"There, i've said it. Doesn't sound too bad, does it? Could be a note saying 'gone shopping darling, didn't wake up my baby bearkins, love and hugs'. Or it could be more prosaic 'Sam phoned, gone out with her, feed cat' Or just 'don't forget to pay the milkman'. Could be any of those"
"Till you read it"
"yes, till i read it. Until that point, its like that cat in that box, the physicist guy - what was his name?"
"yes, Schroedinger. We don't know whether it's dead - the cat - until we open the box. Likewise, the note. We don't know the notes content until we read it. Schroedingers' uncertainty note, hmmmm?"
I smile at him. He shifts and continues.
"Only we do know, don't we? It's more than a note telling me to pay the milkman, or i wouldn't be lying here on your couch, drinking your coffee - nice by the way - is it Columbian?"
"Heh, always expect PC from someone in your line of work. Anyway, we know that the note is a big deal. We know that the cat, so to speak, is dead."
"The note tells us that"
"It does indeed"
"Tell me about the note"
He sips from the coffee and makes a satisfied noise.
"So, i sit down and i read the note. It has to be done, to satisfy narrative form if nothing else"
I smile again at this. He really is quite entertaining. Considering.
"And you and i both know the result. The note says she's leaving me. It says she doesn't love me anymore. It says she is not sure if she ever did. But, even if she did, she has no idea now what that felt like. It says that she has found someone else, someone who can provide her with all that she doesn't get from me - that 'spark' i believe is the word she uses"
"How does that make you feel?"
He snaps at me.
"Let me finish with the note"
"Ok. sorry"
"Heh, don't be. It says that she will always think of our time together fondly, and that in time my pain will heal, and thats she's sorry, and that i am a special person, and thats she's sorry, and that i should never forget how special i am, and that she's sorry, and that i will be fine once the shock wears off, and thats she's sorry and that she's sorry and that she's sorry."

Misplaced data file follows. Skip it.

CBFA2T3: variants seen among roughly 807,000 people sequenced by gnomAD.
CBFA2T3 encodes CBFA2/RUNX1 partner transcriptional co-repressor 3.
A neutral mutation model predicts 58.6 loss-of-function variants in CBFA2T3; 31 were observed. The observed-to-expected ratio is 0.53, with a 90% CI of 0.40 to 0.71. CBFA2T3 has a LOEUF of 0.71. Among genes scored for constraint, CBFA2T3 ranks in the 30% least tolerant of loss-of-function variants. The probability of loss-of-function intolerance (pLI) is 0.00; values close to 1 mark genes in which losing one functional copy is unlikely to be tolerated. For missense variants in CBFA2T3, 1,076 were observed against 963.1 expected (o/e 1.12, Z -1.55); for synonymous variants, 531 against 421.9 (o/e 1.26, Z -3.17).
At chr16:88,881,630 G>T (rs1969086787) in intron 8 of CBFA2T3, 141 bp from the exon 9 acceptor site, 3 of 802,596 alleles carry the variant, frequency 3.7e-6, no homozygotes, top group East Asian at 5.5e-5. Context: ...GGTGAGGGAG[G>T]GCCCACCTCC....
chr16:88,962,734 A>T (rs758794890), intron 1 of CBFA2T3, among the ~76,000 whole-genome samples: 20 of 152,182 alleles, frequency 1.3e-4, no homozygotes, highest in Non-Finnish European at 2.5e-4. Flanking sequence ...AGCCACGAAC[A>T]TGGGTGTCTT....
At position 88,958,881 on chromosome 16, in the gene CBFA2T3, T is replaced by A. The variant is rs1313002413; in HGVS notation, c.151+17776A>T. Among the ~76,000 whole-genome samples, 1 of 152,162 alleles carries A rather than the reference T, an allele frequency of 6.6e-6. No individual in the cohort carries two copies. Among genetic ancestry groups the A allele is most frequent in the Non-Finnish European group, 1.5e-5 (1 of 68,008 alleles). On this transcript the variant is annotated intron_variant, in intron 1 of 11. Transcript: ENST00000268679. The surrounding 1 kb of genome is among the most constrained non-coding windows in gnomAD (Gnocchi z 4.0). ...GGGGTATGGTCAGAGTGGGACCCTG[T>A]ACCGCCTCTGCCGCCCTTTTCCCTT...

"Ok, how does that mak"
He interrupts me angrily, raising himself from the couch.
"Let me finish. Let me fucking finish"
I raise my hands to show i am not fighting him and he settles down.
"Who knows how long i sit there, staring at this traitorous piece of paper, feeling - what? - i don't think i can explain it, words are not enough, numb. hollow.empty. angry. sad. numb. depressed. angst-fucking-ridden. numb. incredulous. shocked. hurting. numb. numb."
To be honest, i feel it's a bit rich of me to write "felt numb" down on my pad, but i do.
"You see? I can't. I can't express it. Feeling an incredible pain yet, at the same time, feeling nothing. I felt hollow, as though i had no stomach, and yet, at the same time, i felt incredibly nauseous"
I think it would be unwise of me to ask "how did that make you feel?" at this point, so i just sit there silently waiting for him to carry on.
"As i said, i don't know how long i was there, but when i came out of it, the album had finished. Now there was a silence. A horrible silence."
He stares off into space for a few seconds, then sips the coffee reflectively.
"Can i have a cigarette?"
I reach for my packet and give him one, lighting up myself. He has obviously not smoked for a while because he coughs with the first inhalation, quite nastily.
"The note said she was going to come back in a couple of hours to pick up some stuff, and she would prefer it if i wasn't there"
This time, i can't resist.
"So, what did this make you feel like?"
"Well, at first, i sit there and i think 'hell no! Why should i?' - first i go through anger - this is textbook stuff, by the way, you should be noting this down - Why should i leave the house so she can do this, so she can get away with it, without any of the emotional shit that i get?"
He chuckles. It's not a pleasant sound.
"Then comes an indifferent phase. I'll be sat here, and she'll come in, and she'll be all guilty, and i will be reading a book, or reading the paper, and i will look up and say 'oh, hi' and then return to it, and she will be crushed - CRUSHED - by how calm i was, how little it meant, because - HAH - i am above all that"